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Gas correlation lidar

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Publication number
WO1986001295A1
WO1986001295A1 PCT/SE1985/000305 SE8500305W WO8601295A1 WO 1986001295 A1 WO1986001295 A1 WO 1986001295A1 SE 8500305 W SE8500305 W SE 8500305W WO 8601295 A1 WO8601295 A1 WO 8601295A1
Authority
WO
Grant status
Application
Patent type
Prior art keywords
laser
gas
beam
correlation
lidar
Prior art date
Application number
PCT/SE1985/000305
Other languages
French (fr)
Inventor
Hans Georg Edner
Sune Roland Svanberg
Leif Peter UNÉUS
Erik Wilhelm Wendt
Original Assignee
Boliden Aktiebolag
Priority date (The priority date is an assumption and is not a legal conclusion. Google has not performed a legal analysis and makes no representation as to the accuracy of the date listed.)
Filing date
Publication date

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Classifications

    • GPHYSICS
    • G01MEASURING; TESTING
    • G01SRADIO DIRECTION-FINDING; RADIO NAVIGATION; DETERMINING DISTANCE OR VELOCITY BY USE OF RADIO WAVES; LOCATING OR PRESENCE-DETECTING BY USE OF THE REFLECTION OR RERADIATION OF RADIO WAVES; ANALOGOUS ARRANGEMENTS USING OTHER WAVES
    • G01S17/00Systems using the reflection or reradiation of electromagnetic waves other than radio waves, e.g. lidar systems
    • G01S17/88Lidar systems specially adapted for specific applications
    • G01S17/95Lidar systems specially adapted for specific applications for meteorological use
    • GPHYSICS
    • G01MEASURING; TESTING
    • G01NINVESTIGATING OR ANALYSING MATERIALS BY DETERMINING THEIR CHEMICAL OR PHYSICAL PROPERTIES
    • G01N21/00Investigating or analysing materials by the use of optical means, i.e. using infra-red, visible or ultra-violet light
    • G01N21/17Systems in which incident light is modified in accordance with the properties of the material investigated
    • G01N21/25Colour; Spectral properties, i.e. comparison of effect of material on the light at two or more different wavelengths or wavelength bands
    • G01N21/31Investigating relative effect of material at wavelengths characteristic of specific elements or molecules, e.g. atomic absorption spectrometry
    • G01N21/35Investigating relative effect of material at wavelengths characteristic of specific elements or molecules, e.g. atomic absorption spectrometry using infra-red light
    • G01N21/3504Investigating relative effect of material at wavelengths characteristic of specific elements or molecules, e.g. atomic absorption spectrometry using infra-red light for analysing gases, e.g. multi-gas analysis
    • G01N21/3518Devices using gas filter correlation techniques; Devices using gas pressure modulation techniques
    • GPHYSICS
    • G01MEASURING; TESTING
    • G01NINVESTIGATING OR ANALYSING MATERIALS BY DETERMINING THEIR CHEMICAL OR PHYSICAL PROPERTIES
    • G01N21/00Investigating or analysing materials by the use of optical means, i.e. using infra-red, visible or ultra-violet light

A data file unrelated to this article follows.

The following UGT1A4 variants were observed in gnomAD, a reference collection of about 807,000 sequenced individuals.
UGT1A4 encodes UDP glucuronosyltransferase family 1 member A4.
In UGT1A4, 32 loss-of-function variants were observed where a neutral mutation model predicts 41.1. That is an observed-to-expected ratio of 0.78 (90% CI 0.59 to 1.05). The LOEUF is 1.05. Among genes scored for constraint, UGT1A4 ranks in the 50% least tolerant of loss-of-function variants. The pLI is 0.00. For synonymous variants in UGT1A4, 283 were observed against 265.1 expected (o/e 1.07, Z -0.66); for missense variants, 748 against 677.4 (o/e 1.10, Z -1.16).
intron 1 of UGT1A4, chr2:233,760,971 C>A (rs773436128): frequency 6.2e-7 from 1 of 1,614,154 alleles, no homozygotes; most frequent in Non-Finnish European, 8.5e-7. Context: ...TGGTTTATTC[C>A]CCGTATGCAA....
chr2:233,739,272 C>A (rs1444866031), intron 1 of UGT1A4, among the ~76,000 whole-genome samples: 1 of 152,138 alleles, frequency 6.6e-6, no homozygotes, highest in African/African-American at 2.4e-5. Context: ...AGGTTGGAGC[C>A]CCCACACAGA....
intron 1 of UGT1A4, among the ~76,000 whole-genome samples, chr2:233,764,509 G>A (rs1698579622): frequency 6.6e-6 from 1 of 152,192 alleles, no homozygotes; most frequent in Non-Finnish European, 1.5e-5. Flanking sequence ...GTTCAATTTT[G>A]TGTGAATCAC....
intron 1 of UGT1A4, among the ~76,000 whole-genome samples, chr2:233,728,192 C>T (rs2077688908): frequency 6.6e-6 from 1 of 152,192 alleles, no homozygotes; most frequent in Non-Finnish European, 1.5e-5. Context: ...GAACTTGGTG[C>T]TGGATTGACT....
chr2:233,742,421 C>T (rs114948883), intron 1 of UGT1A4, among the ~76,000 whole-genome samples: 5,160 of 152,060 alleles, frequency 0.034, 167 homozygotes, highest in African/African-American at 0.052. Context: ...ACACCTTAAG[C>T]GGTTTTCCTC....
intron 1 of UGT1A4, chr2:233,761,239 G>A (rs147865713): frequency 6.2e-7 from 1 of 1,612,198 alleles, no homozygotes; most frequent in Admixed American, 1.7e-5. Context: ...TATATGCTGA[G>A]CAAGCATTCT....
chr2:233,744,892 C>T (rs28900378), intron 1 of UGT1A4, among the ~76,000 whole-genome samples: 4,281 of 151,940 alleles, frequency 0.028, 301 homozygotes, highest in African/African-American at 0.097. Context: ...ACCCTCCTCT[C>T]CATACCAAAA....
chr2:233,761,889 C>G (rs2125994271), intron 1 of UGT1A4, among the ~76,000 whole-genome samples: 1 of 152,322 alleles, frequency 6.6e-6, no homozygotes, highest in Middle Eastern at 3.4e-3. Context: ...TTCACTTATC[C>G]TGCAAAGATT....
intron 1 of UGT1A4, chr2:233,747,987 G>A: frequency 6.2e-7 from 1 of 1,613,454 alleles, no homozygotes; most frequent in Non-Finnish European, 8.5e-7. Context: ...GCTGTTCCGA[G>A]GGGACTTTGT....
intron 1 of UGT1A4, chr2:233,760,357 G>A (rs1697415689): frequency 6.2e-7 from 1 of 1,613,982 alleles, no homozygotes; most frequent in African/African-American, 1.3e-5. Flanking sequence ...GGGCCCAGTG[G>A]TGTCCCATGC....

• G01N21/17Systems in which incident light is modified in accordance with the properties of the material investigated
    • G01N21/25Colour; Spectral properties, i.e. comparison of effect of material on the light at two or more different wavelengths or wavelength bands
    • G01N21/31Investigating relative effect of material at wavelengths characteristic of specific elements or molecules, e.g. atomic absorption spectrometry
    • G01N21/39Investigating relative effect of material at wavelengths characteristic of specific elements or molecules, e.g. atomic absorption spectrometry using tunable lasers
    • Y02A90/19

Abstract

A method for controlling and sensing in order to monitor atmospheric gases using a lidar technique whereby a laser beam is emitted at a fixed wavelength, whereby a reflected laser pulse is optionally passed through an interference filter for isolating a desired spectral region, whereafter the laser beam pulse is passed through a beam splitter and two laser beam detectors, whereby one of the beams is passed through a gas correlation cell comprising the compound to be determined in order to block out the central part of a resonance line whereby the off resonance signal is determined and recorded, and whereby the second beam is used for measuring the whole spectral distribution, any inbalance in the two determinations made indicates the presence of an external gas to be detected.

Description

GAS CORRELATION LIDAR

DESCRIPTION

The ^differential absorption |idar (dial) technique* "^ is a powerful and widely used remote-sensing method for monitoring of atmospheric gases, e.g. air pollutants. The object of the present invention is to obtain an improved and simplified lidar technique for remote control and sensing for monitoring of atmospheric gases using a combination of lidar and gas filter correlation techniques^. Basic operational considerations are given below and preliminary remote-sensing experiments on mer¬ cury are described.